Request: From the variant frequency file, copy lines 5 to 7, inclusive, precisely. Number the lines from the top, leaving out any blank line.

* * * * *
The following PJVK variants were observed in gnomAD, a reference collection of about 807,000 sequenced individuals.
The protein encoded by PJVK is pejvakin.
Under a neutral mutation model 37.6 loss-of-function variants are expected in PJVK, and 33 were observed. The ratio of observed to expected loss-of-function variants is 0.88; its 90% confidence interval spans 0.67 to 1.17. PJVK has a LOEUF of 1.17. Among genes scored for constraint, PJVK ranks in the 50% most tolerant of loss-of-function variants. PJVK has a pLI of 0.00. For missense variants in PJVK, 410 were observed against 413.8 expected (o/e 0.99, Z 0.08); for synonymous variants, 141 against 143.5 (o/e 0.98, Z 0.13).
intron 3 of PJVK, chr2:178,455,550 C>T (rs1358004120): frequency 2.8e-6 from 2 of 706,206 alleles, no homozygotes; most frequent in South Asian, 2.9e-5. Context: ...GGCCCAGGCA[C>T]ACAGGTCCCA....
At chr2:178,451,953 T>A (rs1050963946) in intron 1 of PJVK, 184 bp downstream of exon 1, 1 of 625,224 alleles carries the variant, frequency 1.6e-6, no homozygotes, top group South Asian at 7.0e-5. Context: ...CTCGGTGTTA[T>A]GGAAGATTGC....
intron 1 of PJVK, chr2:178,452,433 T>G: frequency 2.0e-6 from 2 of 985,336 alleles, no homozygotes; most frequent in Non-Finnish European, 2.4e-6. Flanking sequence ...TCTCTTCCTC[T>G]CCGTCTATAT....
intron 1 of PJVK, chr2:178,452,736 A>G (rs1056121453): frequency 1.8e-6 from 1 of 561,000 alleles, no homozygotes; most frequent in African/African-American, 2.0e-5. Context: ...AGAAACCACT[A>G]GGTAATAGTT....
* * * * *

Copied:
At chr2:178,451,953 T>A (rs1050963946) in intron 1 of PJVK, 184 bp downstream of exon 1, 1 of 625,224 alleles carries the variant, frequency 1.6e-6, no homozygotes, top group South Asian at 7.0e-5. Context: ...CTCGGTGTTA[T>A]GGAAGATTGC....
intron 1 of PJVK, chr2:178,452,433 T>G: frequency 2.0e-6 from 2 of 985,336 alleles, no homozygotes; most frequent in Non-Finnish European, 2.4e-6. Flanking sequence ...TCTCTTCCTC[T>G]CCGTCTATAT....
intron 1 of PJVK, chr2:178,452,736 A>G (rs1056121453): frequency 1.8e-6 from 1 of 561,000 alleles, no homozygotes; most frequent in African/African-American, 2.0e-5. Context: ...AGAAACCACT[A>G]GGTAATAGTT....